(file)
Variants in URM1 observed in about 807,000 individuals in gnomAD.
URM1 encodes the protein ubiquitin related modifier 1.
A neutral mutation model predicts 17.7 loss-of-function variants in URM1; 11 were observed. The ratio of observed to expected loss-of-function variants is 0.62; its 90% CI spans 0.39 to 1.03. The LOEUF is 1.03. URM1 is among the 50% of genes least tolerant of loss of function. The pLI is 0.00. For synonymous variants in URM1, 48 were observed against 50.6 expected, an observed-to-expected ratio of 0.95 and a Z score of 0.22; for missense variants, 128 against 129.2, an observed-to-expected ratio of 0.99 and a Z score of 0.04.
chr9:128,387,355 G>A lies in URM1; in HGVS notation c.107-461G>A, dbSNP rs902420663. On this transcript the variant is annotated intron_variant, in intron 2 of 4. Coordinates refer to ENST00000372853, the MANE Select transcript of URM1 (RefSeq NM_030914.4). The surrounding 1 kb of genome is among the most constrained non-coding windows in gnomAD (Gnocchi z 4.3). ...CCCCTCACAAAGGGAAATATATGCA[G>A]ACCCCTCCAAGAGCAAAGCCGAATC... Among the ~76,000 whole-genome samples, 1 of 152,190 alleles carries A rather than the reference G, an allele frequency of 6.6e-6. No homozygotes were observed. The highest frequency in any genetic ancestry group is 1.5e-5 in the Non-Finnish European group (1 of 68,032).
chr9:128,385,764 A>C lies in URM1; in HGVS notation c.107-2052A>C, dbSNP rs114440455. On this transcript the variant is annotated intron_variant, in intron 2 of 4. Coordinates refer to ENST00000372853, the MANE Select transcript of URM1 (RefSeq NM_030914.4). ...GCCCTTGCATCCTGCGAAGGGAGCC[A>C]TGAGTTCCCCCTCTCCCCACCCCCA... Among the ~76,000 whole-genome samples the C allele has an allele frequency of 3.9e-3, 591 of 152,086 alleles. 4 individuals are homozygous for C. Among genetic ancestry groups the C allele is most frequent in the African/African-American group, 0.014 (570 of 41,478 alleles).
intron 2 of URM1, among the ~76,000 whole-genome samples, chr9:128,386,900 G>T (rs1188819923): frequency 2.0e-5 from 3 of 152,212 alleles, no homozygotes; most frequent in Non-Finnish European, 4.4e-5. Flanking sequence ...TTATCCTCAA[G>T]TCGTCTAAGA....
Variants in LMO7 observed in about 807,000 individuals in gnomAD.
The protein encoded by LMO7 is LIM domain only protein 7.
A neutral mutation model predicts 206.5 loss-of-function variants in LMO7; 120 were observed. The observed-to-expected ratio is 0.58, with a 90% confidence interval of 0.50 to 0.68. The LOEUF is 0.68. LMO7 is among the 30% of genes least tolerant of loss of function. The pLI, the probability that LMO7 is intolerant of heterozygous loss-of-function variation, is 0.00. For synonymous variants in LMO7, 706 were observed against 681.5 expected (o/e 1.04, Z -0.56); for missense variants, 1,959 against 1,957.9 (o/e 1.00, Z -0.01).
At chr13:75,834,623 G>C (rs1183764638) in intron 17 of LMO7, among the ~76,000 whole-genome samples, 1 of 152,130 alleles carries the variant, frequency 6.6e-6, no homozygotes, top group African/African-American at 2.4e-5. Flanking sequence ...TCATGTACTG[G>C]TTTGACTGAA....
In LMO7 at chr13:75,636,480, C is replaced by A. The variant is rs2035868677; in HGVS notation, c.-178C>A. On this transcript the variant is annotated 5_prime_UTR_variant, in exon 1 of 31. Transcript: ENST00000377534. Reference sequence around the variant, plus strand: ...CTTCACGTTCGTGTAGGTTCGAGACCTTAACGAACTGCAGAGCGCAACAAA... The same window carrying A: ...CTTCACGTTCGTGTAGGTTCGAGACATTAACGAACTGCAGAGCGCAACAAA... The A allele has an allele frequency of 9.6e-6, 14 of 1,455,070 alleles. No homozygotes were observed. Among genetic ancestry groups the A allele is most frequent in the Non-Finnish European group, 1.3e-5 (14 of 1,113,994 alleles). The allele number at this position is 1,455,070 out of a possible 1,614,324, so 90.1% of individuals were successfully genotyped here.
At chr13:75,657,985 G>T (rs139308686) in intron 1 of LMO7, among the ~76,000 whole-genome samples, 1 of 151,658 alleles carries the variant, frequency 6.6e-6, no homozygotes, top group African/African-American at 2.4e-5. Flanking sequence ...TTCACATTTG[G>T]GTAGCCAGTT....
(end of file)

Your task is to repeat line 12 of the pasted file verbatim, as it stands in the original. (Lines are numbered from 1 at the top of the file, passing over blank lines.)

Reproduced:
At chr13:75,657,985 G>T (rs139308686) in intron 1 of LMO7, among the ~76,000 whole-genome samples, 1 of 151,658 alleles carries the variant, frequency 6.6e-6, no homozygotes, top group African/African-American at 2.4e-5. Flanking sequence ...TTCACATTTG[G>T]GTAGCCAGTT....